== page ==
Pentalogy of Cantrell, 9 weeks

Giancarlo Cordoni*, MD, Sérgio Schlindwein#, MD, Luzete Granero^, MD, Luis Flavio Gonçalves, MD§

*Clínica Cordoni, Blumenau, SC; Hospital Santa Catarina, Blumenau, SC; Laboratírio CIPAC, Blumenau, SC, Clínica Materno-Fetal, Florianípolis, SC

Address correspondence to Giancarlo Cordoni ( ), Clínica Cordoni, Rua írico Hoffman 70, Blumenau, SC, 89020-050, Brazil.

Synonyms:   Thoraco-abdominal ectopia cordis, Ectopia cordis; Cantrell-Heller-Ravitch syndrome; pentalogy syndrome; peritoneopericardial diaphragmatic hernia.

Definition:   Pentalogy of Cantrell is a disorder characterized by: a midline, supraumbilical abdominal wall defect; a defect of the lower sternum; a deficiency of the anterior diaphragm, a defect in the diaphragmatic pericardium; and cardiac anomalies

Case report:  A 41-year-old patient, G4P0A3 presented for routine ultrasound at 9 weeks and 5 days.  The last abortion occurred 8 years prior to the index pregnancy and no specific causes for the three previous abortions were identified.

A 31 mm crown-rump length embryo with a large ventral wall defect was observed.  Ectopia cordis was detected in real time and documented with color Doppler.  Extruded abdominal contents were also observed surrounding the ectopic heart.  Nuchal translucency thickness measured 4.3 mm (Figure 1).  Pentalogy of Cantrell was strongly suspected, even though cardiac anomalies could not be seen at this early gestational age.

After counseling, the parents elected to terminate the pregnancy.  Three days after diagnosis abortion was induced with misoprostol 200 mg vaginally every six hours.  Fifteen hours after the first dose, the embryo and placenta were completely eliminated.  Histopathological examination of the abortion specimen confirmed ectopia cordis, as well as the abdominal and thoracic wall defects (the defects of the anterior diaphragm and diaphragmatic pericardium are part of the defects described). Intracardiac anomalies were not diagnosed prenatally nor confirmed at the postmortem examination because the embryo was too young for detection of heart defects.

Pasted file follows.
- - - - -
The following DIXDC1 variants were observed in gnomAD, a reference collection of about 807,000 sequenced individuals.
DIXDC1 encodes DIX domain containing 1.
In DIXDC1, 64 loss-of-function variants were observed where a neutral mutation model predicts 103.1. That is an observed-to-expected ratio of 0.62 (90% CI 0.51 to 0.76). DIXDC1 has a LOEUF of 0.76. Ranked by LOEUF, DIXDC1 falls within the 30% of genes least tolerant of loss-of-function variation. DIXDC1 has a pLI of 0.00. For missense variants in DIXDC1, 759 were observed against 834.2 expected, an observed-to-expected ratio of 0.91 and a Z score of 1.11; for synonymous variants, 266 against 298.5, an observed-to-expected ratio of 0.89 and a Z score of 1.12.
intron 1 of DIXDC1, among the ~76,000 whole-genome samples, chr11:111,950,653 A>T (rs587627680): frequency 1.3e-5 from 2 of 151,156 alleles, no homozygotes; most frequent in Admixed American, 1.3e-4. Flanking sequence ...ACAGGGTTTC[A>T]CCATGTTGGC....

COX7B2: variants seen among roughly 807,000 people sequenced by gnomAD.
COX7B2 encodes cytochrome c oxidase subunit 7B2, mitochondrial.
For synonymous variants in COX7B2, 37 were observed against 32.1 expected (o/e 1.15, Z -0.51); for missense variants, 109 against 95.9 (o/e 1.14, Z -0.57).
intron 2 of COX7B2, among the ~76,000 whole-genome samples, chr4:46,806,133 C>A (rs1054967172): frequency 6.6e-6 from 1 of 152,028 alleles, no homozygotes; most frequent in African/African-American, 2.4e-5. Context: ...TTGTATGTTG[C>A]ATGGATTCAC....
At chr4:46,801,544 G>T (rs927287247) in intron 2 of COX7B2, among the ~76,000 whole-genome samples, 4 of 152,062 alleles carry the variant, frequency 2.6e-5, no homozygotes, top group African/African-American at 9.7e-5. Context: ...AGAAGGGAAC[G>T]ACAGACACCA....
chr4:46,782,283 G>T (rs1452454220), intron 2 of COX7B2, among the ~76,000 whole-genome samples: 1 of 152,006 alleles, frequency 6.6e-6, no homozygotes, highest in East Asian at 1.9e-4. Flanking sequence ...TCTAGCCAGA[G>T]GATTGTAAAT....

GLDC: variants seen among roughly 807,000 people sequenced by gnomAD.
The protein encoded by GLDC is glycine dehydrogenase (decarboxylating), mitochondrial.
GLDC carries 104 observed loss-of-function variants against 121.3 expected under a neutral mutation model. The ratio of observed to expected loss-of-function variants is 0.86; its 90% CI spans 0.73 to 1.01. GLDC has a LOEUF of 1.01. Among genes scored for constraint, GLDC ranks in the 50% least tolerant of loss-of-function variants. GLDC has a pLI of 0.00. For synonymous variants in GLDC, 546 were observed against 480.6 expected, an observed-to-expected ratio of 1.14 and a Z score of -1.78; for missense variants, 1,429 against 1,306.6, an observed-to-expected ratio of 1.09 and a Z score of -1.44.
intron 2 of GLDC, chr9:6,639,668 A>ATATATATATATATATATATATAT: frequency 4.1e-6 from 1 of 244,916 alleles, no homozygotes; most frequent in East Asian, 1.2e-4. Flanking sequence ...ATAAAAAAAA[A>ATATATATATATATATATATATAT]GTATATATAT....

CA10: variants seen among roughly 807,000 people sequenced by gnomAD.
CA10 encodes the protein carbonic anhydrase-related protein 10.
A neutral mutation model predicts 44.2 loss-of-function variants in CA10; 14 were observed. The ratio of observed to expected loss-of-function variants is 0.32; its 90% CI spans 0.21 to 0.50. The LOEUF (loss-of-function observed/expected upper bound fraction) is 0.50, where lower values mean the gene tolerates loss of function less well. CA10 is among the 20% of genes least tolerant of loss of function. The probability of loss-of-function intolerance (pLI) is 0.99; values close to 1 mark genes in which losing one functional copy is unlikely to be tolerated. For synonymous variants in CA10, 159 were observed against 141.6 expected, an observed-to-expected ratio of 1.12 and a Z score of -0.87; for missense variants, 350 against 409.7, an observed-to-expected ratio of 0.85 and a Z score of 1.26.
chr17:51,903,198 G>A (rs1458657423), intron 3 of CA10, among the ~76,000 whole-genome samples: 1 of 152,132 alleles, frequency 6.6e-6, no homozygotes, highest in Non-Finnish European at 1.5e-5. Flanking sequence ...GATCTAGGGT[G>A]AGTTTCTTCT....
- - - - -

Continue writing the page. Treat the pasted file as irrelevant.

Figure 1. Transvaginal ultrasound at 9 weeks and 5 days demonstrating the embryo with a large ventral wall defect.  The heart lying outside the thoracic cavity is clearly demonstrated by color Doppler.  Abdominal viscera can be visualized surrounding the fetal heart. Increased nuchal translucency thickness is also demonstrated


Figure 2. a) Frontal view of the abortion specimen confirming a large abdominal wall defect, and a defect of the lower sternum with ectopia cordis; b) lateral view of the abortion specimen; c) posterior view of the abortion specimen. Cranium was macerated during the abortion process.


Figure 3. a) Histological section showing interruption of the thoracic wall (*). b) Histological section showing interruption of the abdominal wall (+)


History: Pentalogy of Cantrell was described by Cantrell[i], in 1958

Prevalence:   from 1:100,000 to 1:200,000 births[ii].

Etiology:  unknown

Pathogenesis:   The constellation of defects observed in Pentalogy of Cantrell is thought to result from abnormalities in the differentiation of the intraembryonic mesoderm at approximately 14 to 18 days after conception.  The diaphragmatic and pericardial defects result from abnormal development of the septum transversum whereas the sternum and abdominal wall defects are probably related to impaired migration of mesodermal structures.

Sonographic findings: the association of ectopia cordis and an abominal wall deffect are the most obvious ultrasonographic findings. Cases with small defects of the lower sternum without obviuos herniation of the fetal heart should be more difficult to diagnose. According to Toyama[iv] (10), the diagnosis of Pentalogy of Cantrell is certain when all 5 defects are present, is probable when 4 defects are detected (including intracardiac and ventral abdominal wall abnormalities), and is incomplete when various combinations of defects are present, as long as a sternal abnormality is observed.